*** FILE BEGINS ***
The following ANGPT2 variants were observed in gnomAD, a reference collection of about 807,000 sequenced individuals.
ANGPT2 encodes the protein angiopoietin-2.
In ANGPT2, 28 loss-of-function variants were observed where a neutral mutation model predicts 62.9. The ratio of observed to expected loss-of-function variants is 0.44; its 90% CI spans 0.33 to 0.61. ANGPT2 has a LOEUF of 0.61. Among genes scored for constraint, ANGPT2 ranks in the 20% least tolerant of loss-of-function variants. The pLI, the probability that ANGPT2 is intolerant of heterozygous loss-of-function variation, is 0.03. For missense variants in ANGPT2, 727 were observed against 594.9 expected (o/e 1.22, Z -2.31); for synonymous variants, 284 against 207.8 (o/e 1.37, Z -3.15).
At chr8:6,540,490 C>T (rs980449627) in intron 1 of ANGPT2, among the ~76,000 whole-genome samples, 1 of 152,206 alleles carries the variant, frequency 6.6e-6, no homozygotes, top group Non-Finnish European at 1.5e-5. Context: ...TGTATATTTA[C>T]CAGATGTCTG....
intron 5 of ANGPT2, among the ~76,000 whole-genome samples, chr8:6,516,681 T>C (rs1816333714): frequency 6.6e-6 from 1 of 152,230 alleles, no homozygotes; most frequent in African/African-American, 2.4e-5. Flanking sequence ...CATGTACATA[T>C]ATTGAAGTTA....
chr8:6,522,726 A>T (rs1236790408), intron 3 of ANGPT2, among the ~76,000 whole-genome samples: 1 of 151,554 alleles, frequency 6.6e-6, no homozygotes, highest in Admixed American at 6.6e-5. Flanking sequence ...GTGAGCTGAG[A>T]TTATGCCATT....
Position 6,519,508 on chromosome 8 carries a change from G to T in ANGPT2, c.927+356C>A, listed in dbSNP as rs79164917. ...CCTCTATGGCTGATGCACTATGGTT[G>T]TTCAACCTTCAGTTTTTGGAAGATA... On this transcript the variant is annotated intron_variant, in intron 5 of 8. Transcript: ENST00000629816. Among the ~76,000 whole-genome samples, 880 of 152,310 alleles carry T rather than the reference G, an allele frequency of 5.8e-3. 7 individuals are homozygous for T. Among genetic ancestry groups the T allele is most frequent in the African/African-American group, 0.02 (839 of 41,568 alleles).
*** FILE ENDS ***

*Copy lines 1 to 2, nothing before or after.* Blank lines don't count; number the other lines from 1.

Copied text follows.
The following ANGPT2 variants were observed in gnomAD, a reference collection of about 807,000 sequenced individuals.
ANGPT2 encodes the protein angiopoietin-2.